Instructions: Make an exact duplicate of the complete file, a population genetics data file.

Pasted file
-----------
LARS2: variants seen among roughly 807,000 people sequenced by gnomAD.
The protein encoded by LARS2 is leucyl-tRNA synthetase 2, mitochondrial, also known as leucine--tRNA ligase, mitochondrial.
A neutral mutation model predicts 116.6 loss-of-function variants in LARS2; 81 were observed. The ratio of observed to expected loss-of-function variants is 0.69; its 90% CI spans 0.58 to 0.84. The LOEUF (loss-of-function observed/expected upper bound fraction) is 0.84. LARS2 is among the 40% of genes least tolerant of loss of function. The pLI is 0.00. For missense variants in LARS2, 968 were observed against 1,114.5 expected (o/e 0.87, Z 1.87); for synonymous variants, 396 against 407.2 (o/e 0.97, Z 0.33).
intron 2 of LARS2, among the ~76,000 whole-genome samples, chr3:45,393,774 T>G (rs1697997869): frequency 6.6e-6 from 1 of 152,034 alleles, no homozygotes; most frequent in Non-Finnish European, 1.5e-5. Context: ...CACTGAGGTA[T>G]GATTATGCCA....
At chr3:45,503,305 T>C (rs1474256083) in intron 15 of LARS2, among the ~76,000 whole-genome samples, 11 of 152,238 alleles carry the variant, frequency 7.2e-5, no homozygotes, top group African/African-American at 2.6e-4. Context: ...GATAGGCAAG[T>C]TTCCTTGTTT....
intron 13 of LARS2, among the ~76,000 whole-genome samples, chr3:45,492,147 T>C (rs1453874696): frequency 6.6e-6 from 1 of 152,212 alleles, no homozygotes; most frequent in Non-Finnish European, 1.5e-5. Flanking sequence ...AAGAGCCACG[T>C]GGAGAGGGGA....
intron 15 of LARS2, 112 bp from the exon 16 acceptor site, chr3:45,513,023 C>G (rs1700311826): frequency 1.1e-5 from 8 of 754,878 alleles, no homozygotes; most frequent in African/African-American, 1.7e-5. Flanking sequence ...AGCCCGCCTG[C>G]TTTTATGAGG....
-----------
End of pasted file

LARS2: variants seen among roughly 807,000 people sequenced by gnomAD.
The protein encoded by LARS2 is leucyl-tRNA synthetase 2, mitochondrial, also known as leucine--tRNA ligase, mitochondrial.
A neutral mutation model predicts 116.6 loss-of-function variants in LARS2; 81 were observed. The ratio of observed to expected loss-of-function variants is 0.69; its 90% CI spans 0.58 to 0.84. The LOEUF (loss-of-function observed/expected upper bound fraction) is 0.84. LARS2 is among the 40% of genes least tolerant of loss of function. The pLI is 0.00. For missense variants in LARS2, 968 were observed against 1,114.5 expected (o/e 0.87, Z 1.87); for synonymous variants, 396 against 407.2 (o/e 0.97, Z 0.33).
intron 2 of LARS2, among the ~76,000 whole-genome samples, chr3:45,393,774 T>G (rs1697997869): frequency 6.6e-6 from 1 of 152,034 alleles, no homozygotes; most frequent in Non-Finnish European, 1.5e-5. Context: ...CACTGAGGTA[T>G]GATTATGCCA....
At chr3:45,503,305 T>C (rs1474256083) in intron 15 of LARS2, among the ~76,000 whole-genome samples, 11 of 152,238 alleles carry the variant, frequency 7.2e-5, no homozygotes, top group African/African-American at 2.6e-4. Context: ...GATAGGCAAG[T>C]TTCCTTGTTT....
intron 13 of LARS2, among the ~76,000 whole-genome samples, chr3:45,492,147 T>C (rs1453874696): frequency 6.6e-6 from 1 of 152,212 alleles, no homozygotes; most frequent in Non-Finnish European, 1.5e-5. Flanking sequence ...AAGAGCCACG[T>C]GGAGAGGGGA....
intron 15 of LARS2, 112 bp from the exon 16 acceptor site, chr3:45,513,023 C>G (rs1700311826): frequency 1.1e-5 from 8 of 754,878 alleles, no homozygotes; most frequent in African/African-American, 1.7e-5. Flanking sequence ...AGCCCGCCTG[C>G]TTTTATGAGG....